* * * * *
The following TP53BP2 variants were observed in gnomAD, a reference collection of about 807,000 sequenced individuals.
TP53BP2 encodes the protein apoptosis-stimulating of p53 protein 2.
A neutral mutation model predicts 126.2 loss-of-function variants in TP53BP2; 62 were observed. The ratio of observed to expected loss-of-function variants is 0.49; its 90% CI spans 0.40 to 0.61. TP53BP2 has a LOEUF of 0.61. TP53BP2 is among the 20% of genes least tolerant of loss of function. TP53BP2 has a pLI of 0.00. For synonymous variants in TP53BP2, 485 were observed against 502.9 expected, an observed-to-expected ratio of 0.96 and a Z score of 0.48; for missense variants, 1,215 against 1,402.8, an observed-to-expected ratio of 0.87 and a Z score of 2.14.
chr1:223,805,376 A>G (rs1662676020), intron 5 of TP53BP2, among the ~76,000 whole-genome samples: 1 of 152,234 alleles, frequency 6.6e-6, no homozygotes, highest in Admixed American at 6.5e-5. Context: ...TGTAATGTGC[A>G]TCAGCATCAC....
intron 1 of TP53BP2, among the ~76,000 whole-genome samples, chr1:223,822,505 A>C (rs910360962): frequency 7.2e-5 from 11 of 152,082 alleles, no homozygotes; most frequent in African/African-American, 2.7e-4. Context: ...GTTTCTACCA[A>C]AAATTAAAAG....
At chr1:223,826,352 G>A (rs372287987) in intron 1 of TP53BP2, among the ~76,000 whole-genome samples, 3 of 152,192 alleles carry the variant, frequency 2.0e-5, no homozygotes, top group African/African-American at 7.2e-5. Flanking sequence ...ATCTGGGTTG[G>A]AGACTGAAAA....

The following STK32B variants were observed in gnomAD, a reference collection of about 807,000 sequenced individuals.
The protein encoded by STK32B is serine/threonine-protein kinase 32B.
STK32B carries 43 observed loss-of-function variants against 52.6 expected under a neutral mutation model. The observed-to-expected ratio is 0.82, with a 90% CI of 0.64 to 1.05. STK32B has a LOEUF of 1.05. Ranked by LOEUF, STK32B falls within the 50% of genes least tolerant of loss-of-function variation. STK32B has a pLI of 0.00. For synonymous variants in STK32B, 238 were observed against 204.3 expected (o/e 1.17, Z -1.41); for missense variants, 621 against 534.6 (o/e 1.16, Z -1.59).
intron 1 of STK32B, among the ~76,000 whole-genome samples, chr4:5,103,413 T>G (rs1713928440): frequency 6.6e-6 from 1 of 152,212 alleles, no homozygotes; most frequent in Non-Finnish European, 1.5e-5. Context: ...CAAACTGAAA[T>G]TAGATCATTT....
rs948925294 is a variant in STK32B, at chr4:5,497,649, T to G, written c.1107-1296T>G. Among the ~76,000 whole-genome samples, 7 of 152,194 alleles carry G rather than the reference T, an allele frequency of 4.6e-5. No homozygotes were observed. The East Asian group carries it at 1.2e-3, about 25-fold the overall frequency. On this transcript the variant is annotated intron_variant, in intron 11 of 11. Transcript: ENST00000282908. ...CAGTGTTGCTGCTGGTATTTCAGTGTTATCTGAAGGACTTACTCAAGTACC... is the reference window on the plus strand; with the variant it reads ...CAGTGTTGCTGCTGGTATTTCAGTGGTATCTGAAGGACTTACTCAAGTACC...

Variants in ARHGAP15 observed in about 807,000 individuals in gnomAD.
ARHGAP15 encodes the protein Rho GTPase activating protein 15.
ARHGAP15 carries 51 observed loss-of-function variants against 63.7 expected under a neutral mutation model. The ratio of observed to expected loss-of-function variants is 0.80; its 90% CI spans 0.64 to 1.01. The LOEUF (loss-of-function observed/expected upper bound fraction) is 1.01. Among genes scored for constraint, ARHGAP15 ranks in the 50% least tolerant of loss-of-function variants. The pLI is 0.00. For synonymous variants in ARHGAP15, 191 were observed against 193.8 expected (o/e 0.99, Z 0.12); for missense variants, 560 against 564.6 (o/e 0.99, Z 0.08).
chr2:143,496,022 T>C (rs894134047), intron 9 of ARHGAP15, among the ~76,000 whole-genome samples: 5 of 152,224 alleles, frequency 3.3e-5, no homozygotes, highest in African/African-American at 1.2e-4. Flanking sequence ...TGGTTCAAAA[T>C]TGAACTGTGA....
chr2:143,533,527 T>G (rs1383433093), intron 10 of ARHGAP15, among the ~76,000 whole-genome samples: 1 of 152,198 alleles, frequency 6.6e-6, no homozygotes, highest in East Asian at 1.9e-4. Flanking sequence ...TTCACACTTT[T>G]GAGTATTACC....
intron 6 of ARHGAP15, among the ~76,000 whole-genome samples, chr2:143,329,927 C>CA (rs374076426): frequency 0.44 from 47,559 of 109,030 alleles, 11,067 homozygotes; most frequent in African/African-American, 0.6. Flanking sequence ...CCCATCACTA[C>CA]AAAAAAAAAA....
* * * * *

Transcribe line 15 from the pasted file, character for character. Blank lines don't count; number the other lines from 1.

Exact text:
chr2:143,496,022 T>C (rs894134047), intron 9 of ARHGAP15, among the ~76,000 whole-genome samples: 5 of 152,224 alleles, frequency 3.3e-5, no homozygotes, highest in African/African-American at 1.2e-4. Flanking sequence ...TGGTTCAAAA[T>C]TGAACTGTGA....